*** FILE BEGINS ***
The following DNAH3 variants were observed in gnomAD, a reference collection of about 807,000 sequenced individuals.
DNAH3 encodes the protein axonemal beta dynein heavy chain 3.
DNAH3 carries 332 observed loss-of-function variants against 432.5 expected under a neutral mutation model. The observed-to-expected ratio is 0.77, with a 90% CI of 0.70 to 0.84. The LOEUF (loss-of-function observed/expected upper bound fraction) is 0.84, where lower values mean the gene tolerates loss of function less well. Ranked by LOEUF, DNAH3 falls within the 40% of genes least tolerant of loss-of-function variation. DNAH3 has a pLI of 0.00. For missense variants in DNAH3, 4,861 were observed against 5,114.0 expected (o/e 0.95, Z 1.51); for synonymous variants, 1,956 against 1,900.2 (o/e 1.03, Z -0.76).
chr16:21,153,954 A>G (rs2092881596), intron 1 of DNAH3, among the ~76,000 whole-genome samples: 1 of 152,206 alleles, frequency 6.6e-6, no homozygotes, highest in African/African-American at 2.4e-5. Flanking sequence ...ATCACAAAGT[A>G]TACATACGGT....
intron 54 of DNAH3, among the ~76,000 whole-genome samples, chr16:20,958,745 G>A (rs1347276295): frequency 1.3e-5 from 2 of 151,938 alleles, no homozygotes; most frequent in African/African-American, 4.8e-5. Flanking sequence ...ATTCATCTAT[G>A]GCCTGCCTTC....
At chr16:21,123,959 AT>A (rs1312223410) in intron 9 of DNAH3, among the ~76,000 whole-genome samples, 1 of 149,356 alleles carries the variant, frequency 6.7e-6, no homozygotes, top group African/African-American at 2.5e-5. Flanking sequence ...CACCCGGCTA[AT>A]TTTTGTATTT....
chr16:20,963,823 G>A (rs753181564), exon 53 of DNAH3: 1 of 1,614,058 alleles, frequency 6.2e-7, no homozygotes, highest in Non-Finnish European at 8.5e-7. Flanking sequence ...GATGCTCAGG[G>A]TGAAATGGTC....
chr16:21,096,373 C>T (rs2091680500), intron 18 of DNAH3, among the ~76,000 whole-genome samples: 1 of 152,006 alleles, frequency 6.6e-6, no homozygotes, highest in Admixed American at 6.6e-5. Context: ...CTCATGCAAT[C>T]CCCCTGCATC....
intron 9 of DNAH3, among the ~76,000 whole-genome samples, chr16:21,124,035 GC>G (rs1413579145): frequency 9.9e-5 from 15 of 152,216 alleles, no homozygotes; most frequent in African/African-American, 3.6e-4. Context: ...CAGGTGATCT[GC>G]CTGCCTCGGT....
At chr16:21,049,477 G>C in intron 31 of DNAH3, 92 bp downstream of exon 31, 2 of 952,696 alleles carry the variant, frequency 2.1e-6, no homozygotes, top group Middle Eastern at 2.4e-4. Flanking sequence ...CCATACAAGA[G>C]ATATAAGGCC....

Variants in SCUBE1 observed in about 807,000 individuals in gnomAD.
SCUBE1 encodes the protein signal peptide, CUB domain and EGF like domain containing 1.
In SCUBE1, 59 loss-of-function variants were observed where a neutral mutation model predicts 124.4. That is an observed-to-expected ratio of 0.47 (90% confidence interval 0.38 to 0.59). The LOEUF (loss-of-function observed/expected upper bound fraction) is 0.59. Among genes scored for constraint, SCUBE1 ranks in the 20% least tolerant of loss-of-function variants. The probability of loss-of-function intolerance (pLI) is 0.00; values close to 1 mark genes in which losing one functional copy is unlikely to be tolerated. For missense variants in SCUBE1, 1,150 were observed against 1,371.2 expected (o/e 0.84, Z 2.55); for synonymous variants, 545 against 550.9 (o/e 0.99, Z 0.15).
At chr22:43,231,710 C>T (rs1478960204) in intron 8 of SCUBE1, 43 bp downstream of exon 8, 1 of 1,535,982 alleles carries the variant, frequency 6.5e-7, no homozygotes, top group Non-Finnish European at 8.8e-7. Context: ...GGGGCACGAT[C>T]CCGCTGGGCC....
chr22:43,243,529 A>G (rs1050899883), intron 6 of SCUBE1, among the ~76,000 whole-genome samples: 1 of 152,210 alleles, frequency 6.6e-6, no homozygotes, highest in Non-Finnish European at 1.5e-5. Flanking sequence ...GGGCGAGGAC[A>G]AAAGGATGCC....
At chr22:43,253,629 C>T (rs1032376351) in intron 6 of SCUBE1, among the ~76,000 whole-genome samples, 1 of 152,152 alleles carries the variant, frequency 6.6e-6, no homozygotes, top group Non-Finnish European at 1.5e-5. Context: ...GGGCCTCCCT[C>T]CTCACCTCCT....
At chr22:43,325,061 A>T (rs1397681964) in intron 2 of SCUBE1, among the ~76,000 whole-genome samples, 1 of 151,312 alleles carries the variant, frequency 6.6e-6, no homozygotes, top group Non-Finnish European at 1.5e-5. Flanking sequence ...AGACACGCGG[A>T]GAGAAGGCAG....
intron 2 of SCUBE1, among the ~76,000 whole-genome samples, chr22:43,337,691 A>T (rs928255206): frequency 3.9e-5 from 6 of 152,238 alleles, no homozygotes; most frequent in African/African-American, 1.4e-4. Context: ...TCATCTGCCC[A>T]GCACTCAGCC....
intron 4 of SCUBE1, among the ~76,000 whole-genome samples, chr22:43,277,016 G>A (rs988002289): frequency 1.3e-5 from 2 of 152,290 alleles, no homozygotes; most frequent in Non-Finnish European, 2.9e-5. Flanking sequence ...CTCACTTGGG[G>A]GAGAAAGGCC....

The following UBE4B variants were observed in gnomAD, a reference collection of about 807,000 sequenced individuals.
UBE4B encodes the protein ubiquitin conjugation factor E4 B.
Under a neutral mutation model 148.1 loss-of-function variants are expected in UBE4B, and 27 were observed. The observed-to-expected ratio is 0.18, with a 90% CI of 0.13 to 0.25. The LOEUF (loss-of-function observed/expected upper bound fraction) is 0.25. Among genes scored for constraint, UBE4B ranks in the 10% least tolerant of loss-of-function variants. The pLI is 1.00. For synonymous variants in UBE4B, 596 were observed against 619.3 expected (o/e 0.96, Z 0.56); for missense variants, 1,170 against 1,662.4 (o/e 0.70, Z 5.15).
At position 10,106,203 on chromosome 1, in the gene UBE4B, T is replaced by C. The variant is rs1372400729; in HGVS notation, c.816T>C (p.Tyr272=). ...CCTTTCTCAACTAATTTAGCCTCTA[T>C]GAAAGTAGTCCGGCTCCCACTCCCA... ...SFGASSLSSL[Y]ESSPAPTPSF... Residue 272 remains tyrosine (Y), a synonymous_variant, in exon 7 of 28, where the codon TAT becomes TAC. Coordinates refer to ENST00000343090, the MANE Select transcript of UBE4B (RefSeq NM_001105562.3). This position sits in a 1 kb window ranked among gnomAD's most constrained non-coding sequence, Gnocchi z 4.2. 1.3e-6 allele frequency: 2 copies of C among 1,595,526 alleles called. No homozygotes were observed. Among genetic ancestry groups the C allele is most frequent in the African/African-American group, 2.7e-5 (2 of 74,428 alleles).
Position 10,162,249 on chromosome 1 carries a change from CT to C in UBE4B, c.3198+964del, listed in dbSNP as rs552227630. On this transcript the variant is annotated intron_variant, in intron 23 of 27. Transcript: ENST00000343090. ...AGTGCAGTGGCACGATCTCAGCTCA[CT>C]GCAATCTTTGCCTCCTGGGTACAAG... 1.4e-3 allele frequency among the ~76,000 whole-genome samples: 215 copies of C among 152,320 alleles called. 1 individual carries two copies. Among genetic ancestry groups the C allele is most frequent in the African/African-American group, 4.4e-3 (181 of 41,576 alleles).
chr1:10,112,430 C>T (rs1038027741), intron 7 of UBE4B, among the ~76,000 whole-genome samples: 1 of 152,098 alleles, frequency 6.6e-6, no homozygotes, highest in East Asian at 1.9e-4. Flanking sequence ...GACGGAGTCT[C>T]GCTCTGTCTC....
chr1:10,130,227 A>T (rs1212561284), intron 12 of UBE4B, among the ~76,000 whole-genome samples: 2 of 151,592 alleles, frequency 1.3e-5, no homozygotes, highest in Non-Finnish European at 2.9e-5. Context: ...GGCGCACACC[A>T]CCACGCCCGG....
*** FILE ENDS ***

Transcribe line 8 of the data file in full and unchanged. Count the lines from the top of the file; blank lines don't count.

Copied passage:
chr16:21,096,373 C>T (rs2091680500), intron 18 of DNAH3, among the ~76,000 whole-genome samples: 1 of 152,006 alleles, frequency 6.6e-6, no homozygotes, highest in Admixed American at 6.6e-5. Context: ...CTCATGCAAT[C>T]CCCCTGCATC....